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Apple Looking To Solarize The iPhone, iPad, iPod Touch?

Originally published on Solar Love.

Apple recently posted a job announcement for a thin films engineer for its mobile devices division, making some people think that the mobile giant might be looking to develop some solar-powered devices.

Surely, if the price is right, extending the life of a person’s iPhone, iPad, or iPod Touch would be very positively received by consumers.

The job announcement specifically targeted people with “extensive experience with thin-film technologies in either semiconductor processing or solar industries” in order to “assist in the development and refinement of thin films technologies applicable to electronic systems.”

Furthermore, “knowledge of thin-films in the context of RF shielding is highly desirable,” the announcement (no longer posted on Apple’s website) stated.

Of course, Apple has already delved into solar power a bit in other ways. Here are a few stories about that:


“Apple’s data centres are 100% powered by renewables, that’s not buying credits, that’s additional new power that is often directly Apple owned, if not with direct contracts [that’s] direct access to power from the sun, hydro, geothermal and wind,” former US EPA administrator and current environmental director at Apple Lisa Jackson notes.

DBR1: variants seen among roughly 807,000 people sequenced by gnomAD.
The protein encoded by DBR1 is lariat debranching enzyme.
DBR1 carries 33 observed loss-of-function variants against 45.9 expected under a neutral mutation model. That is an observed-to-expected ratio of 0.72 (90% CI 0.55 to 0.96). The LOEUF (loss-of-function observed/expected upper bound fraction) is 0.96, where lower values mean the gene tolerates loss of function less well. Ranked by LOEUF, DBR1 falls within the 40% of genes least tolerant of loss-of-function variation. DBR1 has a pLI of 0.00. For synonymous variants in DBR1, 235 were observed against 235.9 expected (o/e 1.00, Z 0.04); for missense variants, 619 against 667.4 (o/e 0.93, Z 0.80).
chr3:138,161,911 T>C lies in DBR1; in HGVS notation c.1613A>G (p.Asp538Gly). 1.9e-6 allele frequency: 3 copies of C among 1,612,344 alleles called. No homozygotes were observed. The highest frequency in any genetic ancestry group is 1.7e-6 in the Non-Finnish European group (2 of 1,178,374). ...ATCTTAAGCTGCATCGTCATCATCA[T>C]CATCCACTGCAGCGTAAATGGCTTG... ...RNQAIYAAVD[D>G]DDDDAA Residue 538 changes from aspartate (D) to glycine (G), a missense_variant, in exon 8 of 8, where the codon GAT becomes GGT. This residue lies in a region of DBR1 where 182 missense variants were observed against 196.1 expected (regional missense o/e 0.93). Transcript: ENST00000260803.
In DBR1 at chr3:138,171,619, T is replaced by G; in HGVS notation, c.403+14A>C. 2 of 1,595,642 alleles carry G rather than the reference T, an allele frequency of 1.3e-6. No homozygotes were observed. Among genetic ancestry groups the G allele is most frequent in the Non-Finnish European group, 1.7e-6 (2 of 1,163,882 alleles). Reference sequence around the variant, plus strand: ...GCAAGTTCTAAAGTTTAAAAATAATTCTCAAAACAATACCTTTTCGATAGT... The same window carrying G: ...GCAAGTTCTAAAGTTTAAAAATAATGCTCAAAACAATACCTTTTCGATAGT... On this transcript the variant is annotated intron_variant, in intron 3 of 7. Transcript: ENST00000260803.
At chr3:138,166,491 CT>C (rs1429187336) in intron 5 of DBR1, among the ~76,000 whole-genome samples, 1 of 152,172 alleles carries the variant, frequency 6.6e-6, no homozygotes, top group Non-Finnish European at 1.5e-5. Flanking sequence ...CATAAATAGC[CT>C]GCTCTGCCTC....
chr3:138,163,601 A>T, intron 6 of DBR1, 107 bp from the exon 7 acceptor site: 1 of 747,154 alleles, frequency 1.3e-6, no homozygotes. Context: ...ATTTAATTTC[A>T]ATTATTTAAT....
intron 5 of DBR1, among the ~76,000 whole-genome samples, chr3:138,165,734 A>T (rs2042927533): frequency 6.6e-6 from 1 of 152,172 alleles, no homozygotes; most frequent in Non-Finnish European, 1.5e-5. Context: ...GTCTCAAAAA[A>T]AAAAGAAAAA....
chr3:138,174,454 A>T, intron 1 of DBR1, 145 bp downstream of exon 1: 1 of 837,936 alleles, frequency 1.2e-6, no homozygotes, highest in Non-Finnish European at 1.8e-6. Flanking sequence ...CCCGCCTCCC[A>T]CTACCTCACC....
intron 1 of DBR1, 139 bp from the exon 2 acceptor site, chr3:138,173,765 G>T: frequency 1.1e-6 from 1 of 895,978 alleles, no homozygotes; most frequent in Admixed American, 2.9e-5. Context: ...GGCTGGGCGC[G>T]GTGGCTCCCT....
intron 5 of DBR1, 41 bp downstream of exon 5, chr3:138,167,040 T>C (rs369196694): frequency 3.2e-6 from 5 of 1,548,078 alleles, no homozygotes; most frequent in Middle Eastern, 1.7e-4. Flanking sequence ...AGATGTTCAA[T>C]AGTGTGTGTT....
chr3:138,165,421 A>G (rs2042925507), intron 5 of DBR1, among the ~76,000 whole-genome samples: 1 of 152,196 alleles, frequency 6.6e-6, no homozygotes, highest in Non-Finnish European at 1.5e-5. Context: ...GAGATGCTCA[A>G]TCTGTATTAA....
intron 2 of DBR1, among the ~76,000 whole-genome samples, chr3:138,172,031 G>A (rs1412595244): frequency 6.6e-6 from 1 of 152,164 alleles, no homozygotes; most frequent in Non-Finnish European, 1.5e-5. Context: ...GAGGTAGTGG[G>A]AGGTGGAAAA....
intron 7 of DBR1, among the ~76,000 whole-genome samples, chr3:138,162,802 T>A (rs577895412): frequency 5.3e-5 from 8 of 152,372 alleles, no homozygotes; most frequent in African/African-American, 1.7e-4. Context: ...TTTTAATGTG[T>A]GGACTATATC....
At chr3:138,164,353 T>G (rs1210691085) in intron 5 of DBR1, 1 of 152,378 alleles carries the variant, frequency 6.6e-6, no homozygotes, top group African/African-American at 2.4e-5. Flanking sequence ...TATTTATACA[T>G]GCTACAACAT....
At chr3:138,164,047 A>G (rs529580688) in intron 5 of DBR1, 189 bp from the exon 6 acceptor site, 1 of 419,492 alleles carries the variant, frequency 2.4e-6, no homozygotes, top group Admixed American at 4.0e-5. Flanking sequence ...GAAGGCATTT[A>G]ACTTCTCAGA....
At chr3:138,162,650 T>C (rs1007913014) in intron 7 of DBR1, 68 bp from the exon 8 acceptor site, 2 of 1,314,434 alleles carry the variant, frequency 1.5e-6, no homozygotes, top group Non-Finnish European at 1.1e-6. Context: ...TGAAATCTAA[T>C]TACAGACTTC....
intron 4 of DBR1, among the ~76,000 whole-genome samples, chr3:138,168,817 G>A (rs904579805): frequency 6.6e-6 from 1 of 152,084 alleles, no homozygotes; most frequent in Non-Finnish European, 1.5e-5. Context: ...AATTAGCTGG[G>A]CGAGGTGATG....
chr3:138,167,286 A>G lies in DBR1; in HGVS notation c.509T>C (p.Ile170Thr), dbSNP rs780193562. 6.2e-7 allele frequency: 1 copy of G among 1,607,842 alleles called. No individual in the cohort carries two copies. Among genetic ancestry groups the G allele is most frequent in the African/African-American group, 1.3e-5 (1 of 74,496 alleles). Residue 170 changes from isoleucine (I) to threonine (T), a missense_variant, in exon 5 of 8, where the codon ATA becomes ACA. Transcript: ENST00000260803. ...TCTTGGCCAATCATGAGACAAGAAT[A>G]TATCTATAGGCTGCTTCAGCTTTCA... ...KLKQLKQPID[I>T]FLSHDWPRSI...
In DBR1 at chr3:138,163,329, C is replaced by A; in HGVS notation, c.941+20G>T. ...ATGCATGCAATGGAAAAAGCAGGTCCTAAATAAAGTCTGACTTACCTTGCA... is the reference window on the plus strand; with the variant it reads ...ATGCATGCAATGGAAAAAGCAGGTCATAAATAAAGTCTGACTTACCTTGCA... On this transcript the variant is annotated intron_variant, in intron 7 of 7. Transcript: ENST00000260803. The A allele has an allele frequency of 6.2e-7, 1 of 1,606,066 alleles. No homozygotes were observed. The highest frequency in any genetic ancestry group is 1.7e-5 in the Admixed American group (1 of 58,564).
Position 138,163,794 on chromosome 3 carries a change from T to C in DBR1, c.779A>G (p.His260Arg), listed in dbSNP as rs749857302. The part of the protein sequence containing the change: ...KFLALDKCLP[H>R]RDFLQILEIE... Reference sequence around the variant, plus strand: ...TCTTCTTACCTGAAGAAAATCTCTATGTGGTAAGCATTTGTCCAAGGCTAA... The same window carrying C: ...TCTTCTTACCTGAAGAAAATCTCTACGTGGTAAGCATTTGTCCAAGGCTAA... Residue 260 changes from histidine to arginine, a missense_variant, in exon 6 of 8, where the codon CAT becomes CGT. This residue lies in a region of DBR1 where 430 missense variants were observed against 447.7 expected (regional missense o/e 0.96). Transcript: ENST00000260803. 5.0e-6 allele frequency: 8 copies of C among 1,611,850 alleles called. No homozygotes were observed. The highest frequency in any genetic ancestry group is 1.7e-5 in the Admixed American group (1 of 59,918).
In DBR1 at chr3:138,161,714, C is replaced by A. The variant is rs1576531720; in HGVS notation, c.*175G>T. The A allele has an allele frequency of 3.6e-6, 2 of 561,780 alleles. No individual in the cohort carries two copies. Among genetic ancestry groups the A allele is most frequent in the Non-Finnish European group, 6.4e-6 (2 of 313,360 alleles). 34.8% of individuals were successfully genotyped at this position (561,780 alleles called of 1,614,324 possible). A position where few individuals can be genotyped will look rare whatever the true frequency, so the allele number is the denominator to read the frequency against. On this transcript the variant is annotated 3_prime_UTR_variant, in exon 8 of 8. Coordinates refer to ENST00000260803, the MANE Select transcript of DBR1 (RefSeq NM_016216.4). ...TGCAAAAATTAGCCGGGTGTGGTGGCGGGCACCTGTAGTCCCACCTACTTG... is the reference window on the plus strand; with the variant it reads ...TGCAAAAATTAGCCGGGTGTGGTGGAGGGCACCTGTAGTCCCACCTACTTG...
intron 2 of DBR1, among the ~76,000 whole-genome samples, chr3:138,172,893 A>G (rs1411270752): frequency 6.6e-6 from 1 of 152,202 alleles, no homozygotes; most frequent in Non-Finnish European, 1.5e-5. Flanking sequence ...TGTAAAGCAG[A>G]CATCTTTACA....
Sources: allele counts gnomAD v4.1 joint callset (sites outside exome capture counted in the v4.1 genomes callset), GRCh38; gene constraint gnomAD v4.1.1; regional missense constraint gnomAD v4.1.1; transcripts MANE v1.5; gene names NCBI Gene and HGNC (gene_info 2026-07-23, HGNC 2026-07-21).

“It’s the largest non-utility solar array we think anywhere in the US and it’s backed up by fuel cells which run on biogas.”

9To5Mac has more details on the job application and related patent requests:

Apple thin films solar job posting

Back in 2011, new Apple patents surfaced related to solar applications for consumer products and just this year a patent application detailed a method of integrating a touch sensor and a solar assembly into the display of a mobile product like an iPhone.

Solar technology could also have major benefits for Apple’s watch product currently being developed by a team of Apple executives, sensor, and fitness experts. A patent application from Apple earlier this year showed a wrist watch form factor that could utilize a built-in solar array as an additional power source for the device’s battery. Charging and battery life has been a hurdle for current smart watches on the market that often require charging everyday, and smart watches with longer battery life are often much thicker than a traditional wristwatch as a result of a larger battery.

Companies are already testing similar applications to integrate solar technology into a smartphone display in order to extend battery life, although there has yet to be a large manufacturer to implement a solar panel into a flagship smartphone or tablet.

I’m sure it will happen someday. We’ll see how long it takes.

 
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Written By

Zach is tryin' to help society help itself one word at a time. He spends most of his time here on CleanTechnica as its director, chief editor, and CEO. Zach is recognized globally as an electric vehicle, solar energy, and energy storage expert. He has presented about cleantech at conferences in India, the UAE, Ukraine, Poland, Germany, the Netherlands, the USA, Canada, and Curaçao. Zach has long-term investments in Tesla [TSLA], NIO [NIO], Xpeng [XPEV], Ford [F], ChargePoint [CHPT], Amazon [AMZN], Piedmont Lithium [PLL], Lithium Americas [LAC], Albemarle Corporation [ALB], Nouveau Monde Graphite [NMGRF], Talon Metals [TLOFF], Arclight Clean Transition Corp [ACTC], and Starbucks [SBUX]. But he does not offer (explicitly or implicitly) investment advice of any sort.

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